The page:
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Originally Posted by the ace View Post
That didn't stop everybody and his uncle wading into the Scottish independence debate.

This forum was set up to discuss the issues of the day, we all have an opinion on the matter. Whether or not the Catalans care what we think, is another matter - we owe ourselves the capacity to think.

IMO, Spain has fouled up royally on this one - to treat a peaceful, democratic movement like an invasion has done the Spanish state far more damage than anything the Catalans could do (oh, and I do know where Catalonia is, that it has its own language, and Franco hated the Catalans - definitely a point in their favour).
You forget the most important / better : only important thing : is independence of Catalonia good for Scotland ?
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  #43  
Old 01 Oct 17, 15:42
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Quote:
Originally Posted by Imperial View Post
I don't think Spanish democracy is a sham just because there were some street clashes. Such events are a dime a dozen all over the world, including in the US and other parts of Western Europe
Who does?

This is a region with a distinct identity, and a language that was effectively outlawed for 40 years by a Dictator. He's long gone, but the democracy that replaced it sort of just assumed no problems with how this region was supposed to be integrated with the unitary Spanish state, run from Madrid, when it IS the successor state to the dictatorship that was ALSO a unitary Spanish state, run from Madrid.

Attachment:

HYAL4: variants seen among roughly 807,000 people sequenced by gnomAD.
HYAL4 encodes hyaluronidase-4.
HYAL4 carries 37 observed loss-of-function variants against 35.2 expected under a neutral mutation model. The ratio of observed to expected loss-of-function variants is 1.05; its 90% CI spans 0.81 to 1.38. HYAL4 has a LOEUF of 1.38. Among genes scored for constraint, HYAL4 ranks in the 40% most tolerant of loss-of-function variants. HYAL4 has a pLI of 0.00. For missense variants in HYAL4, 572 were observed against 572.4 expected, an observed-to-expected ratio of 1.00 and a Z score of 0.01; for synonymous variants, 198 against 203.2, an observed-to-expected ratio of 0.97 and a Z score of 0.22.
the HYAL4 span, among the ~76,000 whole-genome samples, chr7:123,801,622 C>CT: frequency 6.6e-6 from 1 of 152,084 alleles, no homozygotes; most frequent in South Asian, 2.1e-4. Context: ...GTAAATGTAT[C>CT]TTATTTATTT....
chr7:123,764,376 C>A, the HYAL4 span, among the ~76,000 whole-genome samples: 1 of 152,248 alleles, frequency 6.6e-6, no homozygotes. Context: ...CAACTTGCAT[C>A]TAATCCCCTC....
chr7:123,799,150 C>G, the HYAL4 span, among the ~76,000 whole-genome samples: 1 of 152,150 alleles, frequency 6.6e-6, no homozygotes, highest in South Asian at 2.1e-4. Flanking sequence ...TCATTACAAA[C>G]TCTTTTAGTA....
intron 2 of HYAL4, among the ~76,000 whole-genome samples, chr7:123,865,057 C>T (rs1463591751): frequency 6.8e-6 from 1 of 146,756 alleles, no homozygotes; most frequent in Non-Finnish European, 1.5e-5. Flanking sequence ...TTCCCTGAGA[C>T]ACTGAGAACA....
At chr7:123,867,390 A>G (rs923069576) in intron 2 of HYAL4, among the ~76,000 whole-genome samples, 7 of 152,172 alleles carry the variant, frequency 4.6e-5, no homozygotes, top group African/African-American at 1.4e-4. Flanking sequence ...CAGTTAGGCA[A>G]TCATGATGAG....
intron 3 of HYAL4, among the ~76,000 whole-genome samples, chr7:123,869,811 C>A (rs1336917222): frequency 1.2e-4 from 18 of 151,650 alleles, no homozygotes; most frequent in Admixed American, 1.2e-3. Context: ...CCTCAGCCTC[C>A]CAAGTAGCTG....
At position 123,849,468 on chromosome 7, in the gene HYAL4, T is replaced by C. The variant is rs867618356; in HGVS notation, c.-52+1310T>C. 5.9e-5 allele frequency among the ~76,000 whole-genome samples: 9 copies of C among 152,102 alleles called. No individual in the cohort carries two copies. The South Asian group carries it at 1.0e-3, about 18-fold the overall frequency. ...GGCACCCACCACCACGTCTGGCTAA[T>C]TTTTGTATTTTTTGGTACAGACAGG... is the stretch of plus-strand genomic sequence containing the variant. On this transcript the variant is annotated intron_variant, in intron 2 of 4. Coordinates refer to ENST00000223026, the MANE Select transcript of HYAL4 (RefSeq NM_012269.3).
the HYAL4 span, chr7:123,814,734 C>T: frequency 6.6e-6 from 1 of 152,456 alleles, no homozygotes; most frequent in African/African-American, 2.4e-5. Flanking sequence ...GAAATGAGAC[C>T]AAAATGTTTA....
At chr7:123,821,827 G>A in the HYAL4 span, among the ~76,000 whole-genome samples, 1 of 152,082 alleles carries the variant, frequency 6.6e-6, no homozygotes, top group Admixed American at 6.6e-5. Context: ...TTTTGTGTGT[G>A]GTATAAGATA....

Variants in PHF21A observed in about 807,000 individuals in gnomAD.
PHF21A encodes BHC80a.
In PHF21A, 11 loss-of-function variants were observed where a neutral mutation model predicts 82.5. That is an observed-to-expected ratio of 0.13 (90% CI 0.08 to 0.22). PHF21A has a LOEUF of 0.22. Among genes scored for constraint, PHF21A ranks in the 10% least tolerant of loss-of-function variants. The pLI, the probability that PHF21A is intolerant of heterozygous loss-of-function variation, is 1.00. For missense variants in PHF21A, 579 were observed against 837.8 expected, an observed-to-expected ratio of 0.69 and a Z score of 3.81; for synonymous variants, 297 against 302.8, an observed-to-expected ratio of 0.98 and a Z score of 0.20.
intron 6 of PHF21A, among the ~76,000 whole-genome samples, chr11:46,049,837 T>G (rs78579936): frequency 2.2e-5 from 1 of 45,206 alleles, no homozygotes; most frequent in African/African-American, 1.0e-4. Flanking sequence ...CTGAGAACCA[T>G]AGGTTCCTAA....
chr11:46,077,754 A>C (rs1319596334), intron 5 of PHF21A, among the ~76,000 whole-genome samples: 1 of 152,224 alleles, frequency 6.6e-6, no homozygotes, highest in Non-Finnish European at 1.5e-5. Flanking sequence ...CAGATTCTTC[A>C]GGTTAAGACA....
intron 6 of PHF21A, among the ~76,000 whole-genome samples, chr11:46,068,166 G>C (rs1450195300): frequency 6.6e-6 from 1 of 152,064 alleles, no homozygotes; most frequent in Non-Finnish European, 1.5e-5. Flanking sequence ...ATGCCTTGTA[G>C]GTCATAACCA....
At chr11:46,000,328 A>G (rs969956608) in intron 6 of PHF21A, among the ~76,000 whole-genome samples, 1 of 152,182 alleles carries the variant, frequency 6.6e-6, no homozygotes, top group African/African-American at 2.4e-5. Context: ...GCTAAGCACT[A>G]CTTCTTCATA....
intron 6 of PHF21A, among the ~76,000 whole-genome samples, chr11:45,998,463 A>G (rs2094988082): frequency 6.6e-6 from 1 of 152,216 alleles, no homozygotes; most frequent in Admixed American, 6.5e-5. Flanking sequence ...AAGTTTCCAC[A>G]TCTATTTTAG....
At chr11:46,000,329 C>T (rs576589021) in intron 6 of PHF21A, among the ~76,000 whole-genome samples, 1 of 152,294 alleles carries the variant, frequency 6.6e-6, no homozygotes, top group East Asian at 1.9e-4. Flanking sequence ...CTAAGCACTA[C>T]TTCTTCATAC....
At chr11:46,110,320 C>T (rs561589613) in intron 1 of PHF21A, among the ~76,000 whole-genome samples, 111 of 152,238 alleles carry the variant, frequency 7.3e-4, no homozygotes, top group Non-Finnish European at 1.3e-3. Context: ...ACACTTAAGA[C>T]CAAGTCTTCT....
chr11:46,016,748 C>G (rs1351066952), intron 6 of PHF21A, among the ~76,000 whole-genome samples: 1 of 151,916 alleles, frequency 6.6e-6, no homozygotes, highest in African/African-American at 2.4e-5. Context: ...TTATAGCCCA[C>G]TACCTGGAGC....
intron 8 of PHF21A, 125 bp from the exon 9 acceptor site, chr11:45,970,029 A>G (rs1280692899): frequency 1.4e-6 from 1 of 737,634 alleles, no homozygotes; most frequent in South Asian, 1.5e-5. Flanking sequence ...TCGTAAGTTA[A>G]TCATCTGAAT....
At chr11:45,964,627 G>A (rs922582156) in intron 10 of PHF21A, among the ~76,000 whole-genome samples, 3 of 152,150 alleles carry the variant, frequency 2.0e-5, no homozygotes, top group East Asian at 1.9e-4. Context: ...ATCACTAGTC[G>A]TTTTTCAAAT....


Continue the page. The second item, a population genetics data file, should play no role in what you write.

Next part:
I.e. there are potentially problems re the legitimacy of the central authority in this state. It's inherited, and was left to it from a situation growing out off the barrel of a gun. Hence a renegotiation of the basis of the distribution of power could very well be justified. Hence devolution of power to regions etc. just might be a very good idea.

The problem isn't a fracas between police and some group. It's that 71% of Catalans are behind the referendum, and Madrid has refused to even recognize this, opting for strong-arm tactics and no dialogue. Which comes at the end of a decade long process already.

Funny things it, had the referendum been accepted, odds are very good it would have returned a vote in favour of continued union.

Instead we now have a situation FAR too much like Castillians deciding they have a right to tell Catalans what they can and can't do. And beat them when they disagree. Just like the olden times.

Just assume this is how London would have handled the Scottish referendum for perspective... (Things like this USED to happen also in the UK, in Scotland, people beaten up and hauled off for sedition, but around the time of the Napoleonic wars.)

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  #44  
Old 01 Oct 17, 15:51
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Quote:
Originally Posted by the ace View Post

(oh, and I do know where Catalonia is, that it has its own language, and Franco hated the Catalans - definitely a point in their favour).
that proves that you are not an impartial observer: one of the reasons why you support the Catalans is that Franco hated the Catalans (for which there is no proof ) and that you hate Franco .

Franco has nothing to do with this referendum : he died 42 years ago .

You are arguing as this :

I hate Franco (I don't know why : you are not Spanish)

Franco hates the Catalans

Thus : I support the Catalans .

This proves my observation that it is impossible to discuss impartially what happens in Catalonia : all we hear is : Finland is more democratic than Romania and it is the fault of Franco . The next posts will go about the Winter War and the Battle of Culloden .
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Old 01 Oct 17, 15:59
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Originally Posted by Johan Banér View Post
Who does?

This is a region with a distinct identity, and a language that was effectively outlawed for 40 years by a Dictator.

The problem isn't a fracas between police and some group. It's that 71% of Catalans are behind the referendum
1) This is not true : books could be printed in Catalan .

2 ) If 71 % of the Catalans supported indepence, why was a referendum needed ?